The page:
As highlighted by Kenny and colleagues, cell morphology in three dimensions is different from that observed in two dimensions on tissue culture plastic[17]( fig 1). In two dimensions, luminal-like epithelial cells demonstrated the classic cobblestone morphology and expression of cell–cell adhesion molecules such as E-cadherin, whereas basal epithelial cells displayed a more elongated and spiky appearance and expressed markers of epithelial–mesenchymal transition such as vimentin. In contrast, cell lines grown in three-dimensional culture showed four different morphologies: round, mass, grape-like and stellate [17].
Three dimensional models have also provided an insight into the biology of breast cancer by implicating a role for β1 - integrin in breast cancer progression and by use of blocking antibodies to reverse the malignant phenotype of epithelial cells[18]. With the role of the stroma in regulating breast cancer behaviour receiving increased attention [19-21] and the recent recognition that basal and luminal breast cancers behave very differently when co-cultured with stromal fibroblasts[22], other threedimensional breast cancer models have incorporated stromal cells such as fibroblasts[23], macrophages[24] and endothelial cells [25].
These complex multicellular three-dimensional cultures are not just a tool for understanding disease progression, but may have important implications in drug screening. This was highlighted recently by Pickl and Ries[26], who demonstrated a significantly higher response of SKBR3 cells to trastuzumab when the cells were cultured in three dimensions compared with cells cultured in two dimensions. Three-dimensional models may thus become a more widespread tool for research and drug screening, and while these models are technically challenging to establish, they are in the long term much more biologically relevant models for studying the disease in vitro.


Another constraint of cell culture experiments is that they are usually homotypic and do not allow the examination of tumour–stromal cell interactions. During tumour growth the stroma evolves to establish paracrine interactions that facilitate tumour progression. Breast cancer cell lines have been used to build heterotypic co-culture systems that allow the selective examination of interactions between tumour and stromal cells, including macrophages, fibroblasts and endothelial cells. For example, co-cultures have been used to investigate the role of macrophages in promoting breast tumour cell invasion, and these experiments have allowed the delineation of the signalling pathways that mediate crosstalk between breast tumour cells and macrophages[26-28]. Therefore, the use of co-culture systems may provide new stromal targets to inhibit tumour progression[29].


Although there are now a reasonable number of breast cancer cell lines available to reflect the molecular sub-groups, relevant models are lacking for some of the rarer histopathological types.Further there is no known cell line derived from male breast cancer and, given that the incidence of male breast cancer is rising [30], this poses a challenge for modelling in a functional sense.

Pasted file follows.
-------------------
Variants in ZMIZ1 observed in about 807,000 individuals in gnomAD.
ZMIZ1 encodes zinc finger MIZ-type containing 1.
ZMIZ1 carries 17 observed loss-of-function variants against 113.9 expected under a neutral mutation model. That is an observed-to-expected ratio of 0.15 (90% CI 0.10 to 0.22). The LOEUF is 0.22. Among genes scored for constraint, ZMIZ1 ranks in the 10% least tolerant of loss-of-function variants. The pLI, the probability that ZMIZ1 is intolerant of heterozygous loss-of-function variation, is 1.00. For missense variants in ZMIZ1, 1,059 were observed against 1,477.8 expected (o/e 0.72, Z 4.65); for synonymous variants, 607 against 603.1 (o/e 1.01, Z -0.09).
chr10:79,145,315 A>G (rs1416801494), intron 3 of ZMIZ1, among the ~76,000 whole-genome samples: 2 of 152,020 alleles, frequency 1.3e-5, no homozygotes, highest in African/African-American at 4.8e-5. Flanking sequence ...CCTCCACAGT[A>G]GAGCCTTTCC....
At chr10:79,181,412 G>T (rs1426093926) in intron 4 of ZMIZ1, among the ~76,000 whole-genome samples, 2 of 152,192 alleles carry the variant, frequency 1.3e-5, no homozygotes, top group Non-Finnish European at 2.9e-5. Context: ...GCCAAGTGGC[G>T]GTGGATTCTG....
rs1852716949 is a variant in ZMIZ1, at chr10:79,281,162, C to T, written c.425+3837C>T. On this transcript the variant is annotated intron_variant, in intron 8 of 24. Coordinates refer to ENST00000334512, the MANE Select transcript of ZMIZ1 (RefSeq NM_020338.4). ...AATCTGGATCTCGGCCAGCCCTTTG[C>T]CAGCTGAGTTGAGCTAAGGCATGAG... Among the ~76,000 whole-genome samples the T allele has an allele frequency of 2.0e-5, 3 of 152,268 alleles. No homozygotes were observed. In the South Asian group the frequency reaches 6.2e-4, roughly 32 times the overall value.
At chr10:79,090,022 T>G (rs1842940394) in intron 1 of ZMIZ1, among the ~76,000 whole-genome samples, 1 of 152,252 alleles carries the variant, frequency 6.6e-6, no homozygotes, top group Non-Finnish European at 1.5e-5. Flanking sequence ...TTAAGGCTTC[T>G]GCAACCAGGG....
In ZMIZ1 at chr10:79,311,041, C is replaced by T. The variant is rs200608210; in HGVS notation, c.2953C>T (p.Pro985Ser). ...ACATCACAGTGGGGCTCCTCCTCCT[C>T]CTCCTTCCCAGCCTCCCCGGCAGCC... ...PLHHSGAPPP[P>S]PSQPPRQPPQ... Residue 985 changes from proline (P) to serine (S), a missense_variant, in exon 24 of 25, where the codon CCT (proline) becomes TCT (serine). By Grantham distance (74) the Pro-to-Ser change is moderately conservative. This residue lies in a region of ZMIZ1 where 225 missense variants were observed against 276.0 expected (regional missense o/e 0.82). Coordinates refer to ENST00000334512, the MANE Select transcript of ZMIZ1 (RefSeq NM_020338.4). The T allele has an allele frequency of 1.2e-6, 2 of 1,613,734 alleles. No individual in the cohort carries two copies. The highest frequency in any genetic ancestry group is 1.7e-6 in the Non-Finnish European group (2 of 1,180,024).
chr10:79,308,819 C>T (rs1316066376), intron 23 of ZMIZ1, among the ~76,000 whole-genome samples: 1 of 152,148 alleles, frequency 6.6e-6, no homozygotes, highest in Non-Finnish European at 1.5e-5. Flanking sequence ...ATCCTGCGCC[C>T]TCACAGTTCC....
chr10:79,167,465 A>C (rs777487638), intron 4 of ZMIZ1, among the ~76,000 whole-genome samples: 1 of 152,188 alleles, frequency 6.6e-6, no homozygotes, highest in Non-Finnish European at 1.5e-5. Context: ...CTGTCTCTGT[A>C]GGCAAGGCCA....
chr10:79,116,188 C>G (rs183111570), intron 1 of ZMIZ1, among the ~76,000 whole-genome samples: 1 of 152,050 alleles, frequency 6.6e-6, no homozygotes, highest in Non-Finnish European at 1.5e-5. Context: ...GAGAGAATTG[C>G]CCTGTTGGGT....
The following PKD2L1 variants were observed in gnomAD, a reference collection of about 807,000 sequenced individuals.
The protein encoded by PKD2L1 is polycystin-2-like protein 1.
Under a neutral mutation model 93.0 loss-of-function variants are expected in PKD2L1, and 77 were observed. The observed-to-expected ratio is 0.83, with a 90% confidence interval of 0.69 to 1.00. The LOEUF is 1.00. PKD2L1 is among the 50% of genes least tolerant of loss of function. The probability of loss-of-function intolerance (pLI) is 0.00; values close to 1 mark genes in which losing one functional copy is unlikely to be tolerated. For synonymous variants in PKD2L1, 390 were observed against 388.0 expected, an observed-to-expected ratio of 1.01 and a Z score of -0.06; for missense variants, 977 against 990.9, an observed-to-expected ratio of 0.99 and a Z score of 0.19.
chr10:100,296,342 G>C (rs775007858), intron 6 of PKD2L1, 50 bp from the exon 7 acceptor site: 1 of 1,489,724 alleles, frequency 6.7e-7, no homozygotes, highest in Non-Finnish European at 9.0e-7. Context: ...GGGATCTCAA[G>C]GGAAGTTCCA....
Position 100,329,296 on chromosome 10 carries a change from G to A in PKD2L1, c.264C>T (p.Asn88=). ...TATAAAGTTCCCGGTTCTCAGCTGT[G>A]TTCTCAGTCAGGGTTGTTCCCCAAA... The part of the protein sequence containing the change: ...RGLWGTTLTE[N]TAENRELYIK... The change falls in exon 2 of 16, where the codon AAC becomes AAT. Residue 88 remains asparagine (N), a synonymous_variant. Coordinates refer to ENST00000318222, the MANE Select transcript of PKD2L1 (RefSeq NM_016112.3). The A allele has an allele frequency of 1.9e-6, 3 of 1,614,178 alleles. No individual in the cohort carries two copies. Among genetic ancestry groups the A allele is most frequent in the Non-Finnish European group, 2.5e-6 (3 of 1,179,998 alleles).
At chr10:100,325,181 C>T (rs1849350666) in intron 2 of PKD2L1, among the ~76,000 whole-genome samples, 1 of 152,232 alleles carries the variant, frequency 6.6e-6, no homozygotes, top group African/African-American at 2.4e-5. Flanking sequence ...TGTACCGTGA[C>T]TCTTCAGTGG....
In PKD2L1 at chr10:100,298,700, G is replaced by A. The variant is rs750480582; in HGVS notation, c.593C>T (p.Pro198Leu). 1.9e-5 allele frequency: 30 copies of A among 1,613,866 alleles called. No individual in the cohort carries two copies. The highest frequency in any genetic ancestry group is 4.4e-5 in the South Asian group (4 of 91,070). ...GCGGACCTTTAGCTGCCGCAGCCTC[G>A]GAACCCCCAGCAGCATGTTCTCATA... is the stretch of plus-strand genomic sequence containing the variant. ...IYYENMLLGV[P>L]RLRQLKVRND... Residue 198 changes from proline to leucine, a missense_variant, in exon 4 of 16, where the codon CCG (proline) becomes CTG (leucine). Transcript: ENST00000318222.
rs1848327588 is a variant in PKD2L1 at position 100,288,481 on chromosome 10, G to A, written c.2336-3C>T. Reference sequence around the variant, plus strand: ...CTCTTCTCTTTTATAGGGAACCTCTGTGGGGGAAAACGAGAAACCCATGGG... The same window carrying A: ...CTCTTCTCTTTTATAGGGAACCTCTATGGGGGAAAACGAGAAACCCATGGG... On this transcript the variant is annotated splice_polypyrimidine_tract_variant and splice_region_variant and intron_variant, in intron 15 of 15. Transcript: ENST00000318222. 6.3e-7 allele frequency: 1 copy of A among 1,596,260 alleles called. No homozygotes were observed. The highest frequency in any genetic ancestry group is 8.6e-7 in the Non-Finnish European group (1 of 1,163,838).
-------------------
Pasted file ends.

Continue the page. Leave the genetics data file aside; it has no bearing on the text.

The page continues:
Although more technically demanding to establish, if it is properly characterized, primary culture offers a more relevant clinical model of this disease that is likely to provide more meaningful data. It also offers a better route to cytogenetic analysis. But because of their ease of use, there is no doubt that established cell lines will continue to be used as models for breast cancer. Some of the more recently established novel cell lines, particularly those established from primary breast tumours and now available through conventional cell line repositories, are worth considering as research tools. Tremendous advances in our understanding of the biology of breast cancer have been made over the past several decades using breast cancer cell lines. We must now move beyond the „one marker, one cell line‟ studies of the past and use knowledge gained through genetic and transcriptomic profiling to use cell lines or cell line panels more effectively as experimental models to study specific subgroups of breast cancer, because this is likely to have the greatest impact on improving outcome for breast cancer patients.


[1] Burdall, S.E., Hanby, A.M., Lansdown M.R. and Speirs V., “Breast cancer cell lines: friend or foe?”, Breast Cancer Research, Vol. 5, pp. 89-95, 2003.

[2] Gey G.O., Coffman W.D. and Kubicek M.T., “Tissue culture studies of the proliferative capacity of cervical carcinoma and normal epithelium”,Cancer Research, Vol.12, pp.264-265, 1952.

[3] Holliday D.L. and Speirs V., “ Choosing the right cell line for breast cancer research”, Breast Cancer Research , Vol. 13, pp.215, 2011.

[4] Lasfargues E.Y. and Ozzello L., “Cultivation of human breast carcinomas”, Journal of the National Cancer Institute, Vol. 21, pp.1131-1147, 1958.

[5]Levenson A.S. and Jordan V.C., “MCF-7: the first hormone-responsive breast cancer cell line”,Cancer Research, Vol. 57, pp.3071-3078, 1997.

[6] Perou C.M.,Sorlie T., Eisen M.B., van de Rijn M., Jeffrey S.S., Rees C.A., Pollack J.R., Ross D.T., Johnsen H., Akslen L.A., Fluge O., Pergamenschikov A., Williams C., Zhu S.X., Lonning P.E., Borresen-Dale A.L., Brown P.O. and Botstein D., “ Molecular portraits of human breast tumours”, Nature, Vol. 406, pp.747–752, 2000.